Finally, we’ve produced a handy table to compare hard data on each stove, including important metrics like thermal output, packed dimensions, weight, and price. For the individual reviews of each stove, I have not ranked them in any particular order other than to identify an Editor’s Choice for my favorite in each of the three categories, and an overall Value Award.
Sometimes, one burner is all you need, and when weight is a primary concern for your camp kitchen design or space is at a premium, these compact stoves might just be the ticket.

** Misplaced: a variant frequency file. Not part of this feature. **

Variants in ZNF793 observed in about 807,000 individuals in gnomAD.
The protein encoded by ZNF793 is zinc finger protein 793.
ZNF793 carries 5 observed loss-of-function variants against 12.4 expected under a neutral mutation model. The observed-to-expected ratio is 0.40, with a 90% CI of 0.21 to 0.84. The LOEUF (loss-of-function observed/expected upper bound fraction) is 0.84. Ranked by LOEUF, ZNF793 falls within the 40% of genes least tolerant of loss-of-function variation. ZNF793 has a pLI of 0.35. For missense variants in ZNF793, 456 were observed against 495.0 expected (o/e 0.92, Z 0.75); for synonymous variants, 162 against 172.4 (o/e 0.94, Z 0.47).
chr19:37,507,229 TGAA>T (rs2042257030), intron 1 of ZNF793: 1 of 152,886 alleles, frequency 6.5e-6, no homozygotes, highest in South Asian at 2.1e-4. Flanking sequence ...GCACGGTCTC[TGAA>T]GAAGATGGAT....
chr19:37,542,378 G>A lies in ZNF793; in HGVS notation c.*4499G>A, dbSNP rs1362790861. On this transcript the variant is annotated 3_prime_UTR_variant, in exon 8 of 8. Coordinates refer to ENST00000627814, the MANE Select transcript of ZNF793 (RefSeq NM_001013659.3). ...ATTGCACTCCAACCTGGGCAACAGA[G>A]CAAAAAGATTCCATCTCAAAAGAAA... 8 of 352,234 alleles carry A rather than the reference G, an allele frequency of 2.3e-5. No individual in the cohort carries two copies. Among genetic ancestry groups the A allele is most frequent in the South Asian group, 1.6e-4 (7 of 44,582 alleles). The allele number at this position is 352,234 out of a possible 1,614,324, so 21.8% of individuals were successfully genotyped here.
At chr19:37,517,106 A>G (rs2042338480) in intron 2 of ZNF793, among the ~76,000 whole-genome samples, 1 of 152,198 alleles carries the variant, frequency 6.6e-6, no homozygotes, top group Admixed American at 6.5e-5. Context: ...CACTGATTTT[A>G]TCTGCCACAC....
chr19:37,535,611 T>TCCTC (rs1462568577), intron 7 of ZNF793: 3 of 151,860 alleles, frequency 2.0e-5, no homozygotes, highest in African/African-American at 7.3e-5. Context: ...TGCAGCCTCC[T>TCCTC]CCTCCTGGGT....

Fore Winds Luxe
The Fore Winds Luxe has a deceptively straightforward design—a lid, a grate, a burner, and a stove body, all folded into one plain, rectangular package. But this Japanese-built, single-station cooker also had the highest power output of any of the compact stoves by a large margin, and its 282-port burner features precise heat control that rivals the professional-style large stoves in the test. The slim half-pound butane canister that feeds the fire resides in an integrated sleeve on the back of the unit, meaning the fuel and stove are always together, and its helpful handle and high-quality stainless clasps make storage and transport painless.